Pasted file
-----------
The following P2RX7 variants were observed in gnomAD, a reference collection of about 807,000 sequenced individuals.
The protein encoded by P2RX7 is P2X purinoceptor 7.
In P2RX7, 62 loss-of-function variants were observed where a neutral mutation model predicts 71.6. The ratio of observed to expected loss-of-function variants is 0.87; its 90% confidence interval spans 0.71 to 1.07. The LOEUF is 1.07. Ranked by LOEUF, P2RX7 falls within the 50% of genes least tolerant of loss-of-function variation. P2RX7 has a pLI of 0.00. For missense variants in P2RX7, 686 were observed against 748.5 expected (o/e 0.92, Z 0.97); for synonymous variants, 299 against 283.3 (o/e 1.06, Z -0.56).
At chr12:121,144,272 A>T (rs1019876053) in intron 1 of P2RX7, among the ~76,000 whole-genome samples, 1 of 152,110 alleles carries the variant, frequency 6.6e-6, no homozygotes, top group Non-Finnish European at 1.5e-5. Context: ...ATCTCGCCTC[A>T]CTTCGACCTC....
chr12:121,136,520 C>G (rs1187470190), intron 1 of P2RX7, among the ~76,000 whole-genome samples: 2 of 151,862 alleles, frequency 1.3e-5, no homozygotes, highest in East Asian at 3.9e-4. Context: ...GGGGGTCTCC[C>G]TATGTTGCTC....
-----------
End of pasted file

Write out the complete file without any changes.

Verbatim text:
The following P2RX7 variants were observed in gnomAD, a reference collection of about 807,000 sequenced individuals.
The protein encoded by P2RX7 is P2X purinoceptor 7.
In P2RX7, 62 loss-of-function variants were observed where a neutral mutation model predicts 71.6. The ratio of observed to expected loss-of-function variants is 0.87; its 90% confidence interval spans 0.71 to 1.07. The LOEUF is 1.07. Ranked by LOEUF, P2RX7 falls within the 50% of genes least tolerant of loss-of-function variation. P2RX7 has a pLI of 0.00. For missense variants in P2RX7, 686 were observed against 748.5 expected (o/e 0.92, Z 0.97); for synonymous variants, 299 against 283.3 (o/e 1.06, Z -0.56).
At chr12:121,144,272 A>T (rs1019876053) in intron 1 of P2RX7, among the ~76,000 whole-genome samples, 1 of 152,110 alleles carries the variant, frequency 6.6e-6, no homozygotes, top group Non-Finnish European at 1.5e-5. Context: ...ATCTCGCCTC[A>T]CTTCGACCTC....
chr12:121,136,520 C>G (rs1187470190), intron 1 of P2RX7, among the ~76,000 whole-genome samples: 2 of 151,862 alleles, frequency 1.3e-5, no homozygotes, highest in East Asian at 3.9e-4. Context: ...GGGGGTCTCC[C>G]TATGTTGCTC....